Once somebody opting out of Obamacare has gotten their alternative coverage arranged, it’s time to shop for health care providers and medical treatment in the event you need it. The first thing to remember is that nearly every price in health care is essentially fake. Insurance companies don’t pay ‘list’ prices, and neither should the self-pay patient. Here are the leading ways to find affordable health care at real prices:

There is also the matter of the tax for being uninsured. Two things to keep in mind: there are a couple of exemptions you may qualify for, and the tax is for many people going to be less than the cost of paying premiums for conventional health insurance.

The first exemption, mentioned briefly above, is for members of health care sharing organizations. Even though they aren’t technically insurance, they do provide coverage and Congress chose to exempt members from having to pay the tax for being uninsured.

There’s also an exemption for people who find that premiums are unaffordable, at least by the government’s definition. If the least-expensive Bronze plan in your area costs more than 8% of your adjusted gross income, you’re exempt from the tax.

Otherwise, you’ll be taxed 1 percent of your adjusted gross income in 2014 if you’re uninsured, rising to 2.5% by 2016. So someone with an $80,000 income in 2014 will owe an $800 tax, even if they have a fixed-benefit policy, short-term policy, or some other alternative that isn’t membership in a health care sharing organization.

One caveat, however: the IRS can only collect the tax by reducing your tax refund. So, no refund equals no tax. I’m not necessarily suggesting this as a tax strategy (irritating the IRS just seems like a bad idea on a number of levels), and it won’t surprise me at all to see Congress one day try to ‘fix’ this little loophole. But as the law stands right now, and as the IRS itself has posted, the only way they have to collect the tax is by taking it from your refund, so if you don’t have a refund coming back to you there is no way the IRS can force you to pay the tax.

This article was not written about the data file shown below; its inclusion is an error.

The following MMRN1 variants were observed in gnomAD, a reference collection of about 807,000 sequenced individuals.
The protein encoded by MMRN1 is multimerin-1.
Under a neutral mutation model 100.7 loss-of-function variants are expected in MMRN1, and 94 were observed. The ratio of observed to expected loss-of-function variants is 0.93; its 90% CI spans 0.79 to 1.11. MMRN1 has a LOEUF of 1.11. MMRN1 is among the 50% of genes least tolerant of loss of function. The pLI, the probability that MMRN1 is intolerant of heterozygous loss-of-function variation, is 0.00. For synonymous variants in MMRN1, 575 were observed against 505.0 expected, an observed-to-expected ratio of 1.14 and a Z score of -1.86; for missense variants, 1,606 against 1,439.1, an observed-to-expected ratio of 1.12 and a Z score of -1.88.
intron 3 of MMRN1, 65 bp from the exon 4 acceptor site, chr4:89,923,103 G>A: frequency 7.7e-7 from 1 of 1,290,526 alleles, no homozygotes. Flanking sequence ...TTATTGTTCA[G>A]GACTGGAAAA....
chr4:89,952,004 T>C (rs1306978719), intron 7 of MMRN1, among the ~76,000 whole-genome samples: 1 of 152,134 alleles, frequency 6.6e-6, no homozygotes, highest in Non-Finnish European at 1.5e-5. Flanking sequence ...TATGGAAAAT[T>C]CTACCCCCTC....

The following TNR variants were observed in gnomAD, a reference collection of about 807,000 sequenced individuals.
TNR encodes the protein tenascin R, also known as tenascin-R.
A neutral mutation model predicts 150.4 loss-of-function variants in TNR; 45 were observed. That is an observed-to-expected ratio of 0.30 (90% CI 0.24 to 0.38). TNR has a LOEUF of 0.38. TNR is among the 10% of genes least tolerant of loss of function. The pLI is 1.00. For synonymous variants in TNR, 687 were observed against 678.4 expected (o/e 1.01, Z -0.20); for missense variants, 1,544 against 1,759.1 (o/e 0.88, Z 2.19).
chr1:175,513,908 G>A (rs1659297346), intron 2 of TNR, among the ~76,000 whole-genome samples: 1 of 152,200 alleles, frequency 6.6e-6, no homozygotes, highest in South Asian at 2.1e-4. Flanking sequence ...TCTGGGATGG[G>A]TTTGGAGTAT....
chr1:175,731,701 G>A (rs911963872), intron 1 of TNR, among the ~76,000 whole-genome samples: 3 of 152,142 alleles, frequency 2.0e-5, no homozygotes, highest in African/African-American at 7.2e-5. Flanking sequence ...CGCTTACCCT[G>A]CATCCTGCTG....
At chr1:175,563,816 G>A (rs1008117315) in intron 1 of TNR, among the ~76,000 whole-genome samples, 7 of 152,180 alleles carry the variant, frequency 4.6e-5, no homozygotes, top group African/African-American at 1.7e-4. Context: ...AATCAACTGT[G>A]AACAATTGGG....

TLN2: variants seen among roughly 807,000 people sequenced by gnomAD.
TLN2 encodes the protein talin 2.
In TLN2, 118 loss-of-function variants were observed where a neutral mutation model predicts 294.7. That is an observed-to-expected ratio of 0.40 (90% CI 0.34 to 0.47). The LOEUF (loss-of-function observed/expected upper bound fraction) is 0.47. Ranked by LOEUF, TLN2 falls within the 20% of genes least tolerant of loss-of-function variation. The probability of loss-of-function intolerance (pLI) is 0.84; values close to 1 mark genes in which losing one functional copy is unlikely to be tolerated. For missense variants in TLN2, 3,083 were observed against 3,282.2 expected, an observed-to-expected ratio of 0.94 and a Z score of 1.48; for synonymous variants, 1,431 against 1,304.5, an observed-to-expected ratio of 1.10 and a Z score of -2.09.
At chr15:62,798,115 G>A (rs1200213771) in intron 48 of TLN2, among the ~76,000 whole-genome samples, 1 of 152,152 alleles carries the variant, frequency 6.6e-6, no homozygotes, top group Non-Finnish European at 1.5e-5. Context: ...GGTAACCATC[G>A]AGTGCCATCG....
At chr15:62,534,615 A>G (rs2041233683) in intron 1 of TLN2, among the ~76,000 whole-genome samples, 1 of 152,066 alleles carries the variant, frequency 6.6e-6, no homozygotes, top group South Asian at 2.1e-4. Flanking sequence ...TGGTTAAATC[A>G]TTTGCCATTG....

There are a lot more options for anybody opting out of Obamacare and needing access to affordable health care, which I write about regularly here at The Self-Pay Patient blog and that fill my soon-to-be-released book (naturally, titled The Self-Pay Patient, coming out later this month). But hopefully the information here can help people see that there are plenty of options for affordable health care and financial protection from catastrophic medical expenses if they decide to opt out of Obamacare.

Deciding to opt out of Obamacare is a fairly serious decision. But there’s another decision that people who want to opt out need to make, and that is whether they want to do it the right way by doing a little planning and knowing their options, or the wrong way which would be just to opt out and not give the matter any more thought until they’re on the way to the hospital with a busted leg or notice a lump in their breast.

Hopefully anybody considering opting out of Obamacare will take the time to know their options and become savvy self-pay patients, instead of patients who are completely unprepared to find the affordable healthcare they are likely to need at some point.

Sean Parnell blogs on affordable health care options for people who pay directly for treatment at The Self-Pay Patient. This blog post originally appeared there in modified form on December 3, 2013.